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Russian Rights Activist Calls Her Exclusion From Prison Watchdog Political

Russian activist Marina Litvinovich
Russian activist Marina Litvinovich

MOSCOW -- A well-known Russian rights activist, Marina Litvinovich, says last week's decision by the Moscow Public Monitoring Commission (ONK) to exclude her from the group was politically motivated.

The commission on March 5 voted to leave Litvinovich off the panel saying that, in a televised interview earlier, she had disclosed information related to a probe launched into Lyubov Sobol, a lawyer of jailed opposition politician Aleksei Navalny's Anti-Corruption Foundation. Sobol is currently under detention on charges of breaking coronavirus restrictions by publicly calling on Moscow residents to take part in unsanctioned rallies to support Navalny.

Members of the ONK monitor the rights of inmates in Russian penitentiaries and have a right to visit detention centers and correctional facilities to hear complaints from inmates.

Litvinovich told Current Time in an interview on March 9 that the allegations against her were false and that the decision to exclude her from the group she had served on since 2019 was made due to her activism.

"The fact is, what I said has nothing to do with the materials of the investigation. I cited the actions of investigators that had been already implemented. I did not say anything about their results or conclusions," Litvinovich said.

She emphasized that, in accordance with the law, even if she unintentionally revealed any data related to Sobol's case, protocol dictates that she would be warned by investigators and sign corresponding papers, which never happened.

"I think it is... about the Interior Ministry and the Federal Security Service (FSB), who are concerned [about my activities.] Because I frequently visit Lefortovo detention center [in Moscow] which is controlled by the FSB, talk about people kept there, defend their rights, assist them, constantly keep in touch with their relatives, do all I can to secure medical assistance for those people as well," Litvinovich said, adding that she was aware that the ONK's decision to expel her was based on at least two complaints filed by the Lefortovo detention center.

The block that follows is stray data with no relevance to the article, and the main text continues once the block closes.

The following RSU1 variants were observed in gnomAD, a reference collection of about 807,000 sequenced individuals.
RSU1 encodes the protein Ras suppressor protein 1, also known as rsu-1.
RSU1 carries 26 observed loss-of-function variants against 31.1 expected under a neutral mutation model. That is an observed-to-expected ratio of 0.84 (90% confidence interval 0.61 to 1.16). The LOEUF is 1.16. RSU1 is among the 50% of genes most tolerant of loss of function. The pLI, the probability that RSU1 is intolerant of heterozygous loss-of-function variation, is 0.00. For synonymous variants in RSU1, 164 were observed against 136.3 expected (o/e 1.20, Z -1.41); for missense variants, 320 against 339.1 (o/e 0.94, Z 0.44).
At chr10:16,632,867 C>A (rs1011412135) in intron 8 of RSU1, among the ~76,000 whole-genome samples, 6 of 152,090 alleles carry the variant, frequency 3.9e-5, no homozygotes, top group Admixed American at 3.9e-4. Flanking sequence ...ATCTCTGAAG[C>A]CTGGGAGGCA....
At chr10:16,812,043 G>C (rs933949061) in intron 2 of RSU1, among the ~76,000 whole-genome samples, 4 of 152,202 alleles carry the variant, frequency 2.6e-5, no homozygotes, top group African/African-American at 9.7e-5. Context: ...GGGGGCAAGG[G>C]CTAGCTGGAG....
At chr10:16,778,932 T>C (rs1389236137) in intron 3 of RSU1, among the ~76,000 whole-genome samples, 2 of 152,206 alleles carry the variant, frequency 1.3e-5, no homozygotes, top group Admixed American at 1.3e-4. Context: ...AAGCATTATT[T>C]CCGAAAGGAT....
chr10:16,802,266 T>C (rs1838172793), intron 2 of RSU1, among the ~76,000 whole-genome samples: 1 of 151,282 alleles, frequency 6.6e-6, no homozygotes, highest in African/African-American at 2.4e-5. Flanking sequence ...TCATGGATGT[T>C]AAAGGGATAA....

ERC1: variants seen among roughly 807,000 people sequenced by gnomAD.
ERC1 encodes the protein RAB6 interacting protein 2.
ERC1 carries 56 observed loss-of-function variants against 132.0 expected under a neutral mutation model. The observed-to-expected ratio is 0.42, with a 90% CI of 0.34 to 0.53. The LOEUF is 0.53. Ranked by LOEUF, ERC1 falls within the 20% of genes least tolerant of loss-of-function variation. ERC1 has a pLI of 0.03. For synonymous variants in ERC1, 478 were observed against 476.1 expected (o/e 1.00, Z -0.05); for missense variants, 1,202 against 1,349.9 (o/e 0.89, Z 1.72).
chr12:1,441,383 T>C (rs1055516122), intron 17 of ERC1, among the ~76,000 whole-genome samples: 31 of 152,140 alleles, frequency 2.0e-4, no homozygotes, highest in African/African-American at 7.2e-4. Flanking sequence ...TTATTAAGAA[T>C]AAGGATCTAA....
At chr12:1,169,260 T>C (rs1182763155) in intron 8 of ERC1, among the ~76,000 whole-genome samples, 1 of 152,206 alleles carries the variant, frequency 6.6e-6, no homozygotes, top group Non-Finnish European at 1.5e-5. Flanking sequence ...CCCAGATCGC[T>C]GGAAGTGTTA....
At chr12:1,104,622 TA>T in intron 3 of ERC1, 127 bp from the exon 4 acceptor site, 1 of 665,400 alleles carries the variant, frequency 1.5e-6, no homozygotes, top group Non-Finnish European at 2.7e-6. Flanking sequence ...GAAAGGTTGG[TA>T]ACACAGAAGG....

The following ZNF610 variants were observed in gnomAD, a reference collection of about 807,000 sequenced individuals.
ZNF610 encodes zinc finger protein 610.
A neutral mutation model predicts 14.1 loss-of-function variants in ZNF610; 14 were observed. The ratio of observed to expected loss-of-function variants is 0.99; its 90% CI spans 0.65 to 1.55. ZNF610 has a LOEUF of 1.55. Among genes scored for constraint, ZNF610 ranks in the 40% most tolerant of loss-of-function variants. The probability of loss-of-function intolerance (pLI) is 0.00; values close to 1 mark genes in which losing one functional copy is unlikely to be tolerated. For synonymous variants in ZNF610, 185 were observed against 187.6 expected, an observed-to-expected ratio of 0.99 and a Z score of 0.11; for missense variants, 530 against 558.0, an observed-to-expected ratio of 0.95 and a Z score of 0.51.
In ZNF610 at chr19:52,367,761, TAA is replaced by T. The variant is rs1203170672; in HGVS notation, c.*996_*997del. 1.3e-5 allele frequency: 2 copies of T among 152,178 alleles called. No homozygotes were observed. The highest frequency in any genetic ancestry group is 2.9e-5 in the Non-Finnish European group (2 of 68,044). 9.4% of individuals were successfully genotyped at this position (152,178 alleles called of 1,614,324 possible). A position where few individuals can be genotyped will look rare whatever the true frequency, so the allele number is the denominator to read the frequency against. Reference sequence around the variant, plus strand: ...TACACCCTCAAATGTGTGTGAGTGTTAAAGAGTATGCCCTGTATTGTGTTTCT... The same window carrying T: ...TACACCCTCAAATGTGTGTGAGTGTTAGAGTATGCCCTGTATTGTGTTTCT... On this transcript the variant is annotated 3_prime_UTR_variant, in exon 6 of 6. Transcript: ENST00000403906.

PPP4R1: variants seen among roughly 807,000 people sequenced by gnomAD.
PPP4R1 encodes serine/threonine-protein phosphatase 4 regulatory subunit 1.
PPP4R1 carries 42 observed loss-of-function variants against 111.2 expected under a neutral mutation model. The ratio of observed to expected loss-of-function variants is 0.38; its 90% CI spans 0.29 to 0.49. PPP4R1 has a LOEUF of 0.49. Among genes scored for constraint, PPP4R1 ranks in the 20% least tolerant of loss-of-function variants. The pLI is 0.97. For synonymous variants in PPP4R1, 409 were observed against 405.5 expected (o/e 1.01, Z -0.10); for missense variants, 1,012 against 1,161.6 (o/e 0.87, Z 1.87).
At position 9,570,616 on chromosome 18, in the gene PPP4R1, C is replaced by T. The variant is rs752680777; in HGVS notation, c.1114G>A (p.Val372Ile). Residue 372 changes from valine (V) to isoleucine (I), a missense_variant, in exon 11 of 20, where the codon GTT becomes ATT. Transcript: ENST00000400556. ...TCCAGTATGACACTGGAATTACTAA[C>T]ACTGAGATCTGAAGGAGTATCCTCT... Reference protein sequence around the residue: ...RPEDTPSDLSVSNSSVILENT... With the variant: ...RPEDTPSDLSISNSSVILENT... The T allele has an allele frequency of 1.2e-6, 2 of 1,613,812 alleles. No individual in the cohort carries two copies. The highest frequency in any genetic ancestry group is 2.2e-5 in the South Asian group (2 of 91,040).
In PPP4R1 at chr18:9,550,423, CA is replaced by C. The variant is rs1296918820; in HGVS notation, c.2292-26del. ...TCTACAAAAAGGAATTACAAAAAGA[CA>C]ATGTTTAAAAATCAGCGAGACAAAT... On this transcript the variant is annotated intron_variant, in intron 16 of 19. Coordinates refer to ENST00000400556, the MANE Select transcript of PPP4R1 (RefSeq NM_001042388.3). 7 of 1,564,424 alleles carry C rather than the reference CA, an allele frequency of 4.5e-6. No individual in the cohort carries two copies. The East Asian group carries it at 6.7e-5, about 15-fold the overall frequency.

According to Litvinovich, she has also been targeted by the Interior Ministry because she constantly was at the Sakharovo detention center talking to hundreds who were detained during the mass arrests of demonstrators protesting in January and early February against Navalny's incarceration.

The selection of the members of the ONK has been marred in recent years by the exclusion of many well-known human rights activists critical of the authorities.

The decision to expel her from the staff must still be approved by the ONK's Council to become valid.

Litvinovich said she will turn to the courts if the move is approved.

RFE/RL has been declared an "undesirable organization" by the Russian government.

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